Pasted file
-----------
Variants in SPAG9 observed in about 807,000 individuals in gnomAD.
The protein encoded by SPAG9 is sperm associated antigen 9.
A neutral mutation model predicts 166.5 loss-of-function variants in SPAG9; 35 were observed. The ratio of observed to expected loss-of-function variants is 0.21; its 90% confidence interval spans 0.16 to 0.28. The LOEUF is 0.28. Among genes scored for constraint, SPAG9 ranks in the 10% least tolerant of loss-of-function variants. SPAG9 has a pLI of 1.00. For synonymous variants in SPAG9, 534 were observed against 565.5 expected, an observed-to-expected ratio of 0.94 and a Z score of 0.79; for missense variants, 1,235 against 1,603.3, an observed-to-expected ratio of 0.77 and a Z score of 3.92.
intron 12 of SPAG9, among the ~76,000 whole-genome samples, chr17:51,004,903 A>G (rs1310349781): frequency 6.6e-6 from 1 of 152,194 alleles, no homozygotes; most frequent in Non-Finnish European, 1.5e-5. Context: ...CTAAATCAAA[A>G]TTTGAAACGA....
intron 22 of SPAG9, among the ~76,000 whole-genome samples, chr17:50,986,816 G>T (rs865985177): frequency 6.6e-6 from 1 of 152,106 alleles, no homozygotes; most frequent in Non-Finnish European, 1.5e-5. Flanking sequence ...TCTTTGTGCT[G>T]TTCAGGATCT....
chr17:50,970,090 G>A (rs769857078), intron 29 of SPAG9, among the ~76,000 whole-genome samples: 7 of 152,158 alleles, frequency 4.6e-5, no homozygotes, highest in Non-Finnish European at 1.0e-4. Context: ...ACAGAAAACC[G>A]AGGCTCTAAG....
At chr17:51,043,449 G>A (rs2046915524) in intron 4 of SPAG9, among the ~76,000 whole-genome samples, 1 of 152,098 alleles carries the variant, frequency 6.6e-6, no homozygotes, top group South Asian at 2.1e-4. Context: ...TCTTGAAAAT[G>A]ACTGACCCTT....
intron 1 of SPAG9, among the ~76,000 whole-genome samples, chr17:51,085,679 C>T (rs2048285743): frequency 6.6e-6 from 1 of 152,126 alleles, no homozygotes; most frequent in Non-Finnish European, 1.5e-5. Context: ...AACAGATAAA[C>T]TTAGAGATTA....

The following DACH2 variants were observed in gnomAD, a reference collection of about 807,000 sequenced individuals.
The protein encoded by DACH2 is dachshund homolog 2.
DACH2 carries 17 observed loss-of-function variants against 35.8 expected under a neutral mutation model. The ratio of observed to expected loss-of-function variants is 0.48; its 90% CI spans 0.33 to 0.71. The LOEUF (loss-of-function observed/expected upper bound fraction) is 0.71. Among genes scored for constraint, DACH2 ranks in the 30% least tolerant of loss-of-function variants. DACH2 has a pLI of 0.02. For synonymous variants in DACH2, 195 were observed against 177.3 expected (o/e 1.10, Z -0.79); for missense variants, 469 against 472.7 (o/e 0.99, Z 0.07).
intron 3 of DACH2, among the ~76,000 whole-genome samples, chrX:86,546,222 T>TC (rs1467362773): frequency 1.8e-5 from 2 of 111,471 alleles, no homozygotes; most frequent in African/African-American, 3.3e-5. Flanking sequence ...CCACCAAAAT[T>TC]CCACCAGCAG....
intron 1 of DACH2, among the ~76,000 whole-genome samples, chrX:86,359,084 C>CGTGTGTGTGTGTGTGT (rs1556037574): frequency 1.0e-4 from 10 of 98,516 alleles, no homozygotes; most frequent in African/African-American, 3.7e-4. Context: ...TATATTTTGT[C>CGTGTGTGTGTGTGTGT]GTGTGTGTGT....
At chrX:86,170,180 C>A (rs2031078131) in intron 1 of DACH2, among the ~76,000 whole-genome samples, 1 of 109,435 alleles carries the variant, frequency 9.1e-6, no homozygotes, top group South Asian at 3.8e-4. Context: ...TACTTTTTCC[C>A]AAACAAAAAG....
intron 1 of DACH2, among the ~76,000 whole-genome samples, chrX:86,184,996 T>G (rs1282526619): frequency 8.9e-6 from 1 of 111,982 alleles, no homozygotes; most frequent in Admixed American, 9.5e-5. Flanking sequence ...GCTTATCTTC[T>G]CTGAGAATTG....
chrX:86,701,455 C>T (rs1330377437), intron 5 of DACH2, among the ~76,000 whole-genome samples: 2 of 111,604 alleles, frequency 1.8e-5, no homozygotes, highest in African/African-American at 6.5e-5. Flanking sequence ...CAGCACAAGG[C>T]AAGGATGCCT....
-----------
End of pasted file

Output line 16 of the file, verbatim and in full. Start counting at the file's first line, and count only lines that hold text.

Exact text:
chrX:86,701,455 C>T (rs1330377437), intron 5 of DACH2, among the ~76,000 whole-genome samples: 2 of 111,604 alleles, frequency 1.8e-5, no homozygotes, highest in African/African-American at 6.5e-5. Flanking sequence ...CAGCACAAGG[C>T]AAGGATGCCT....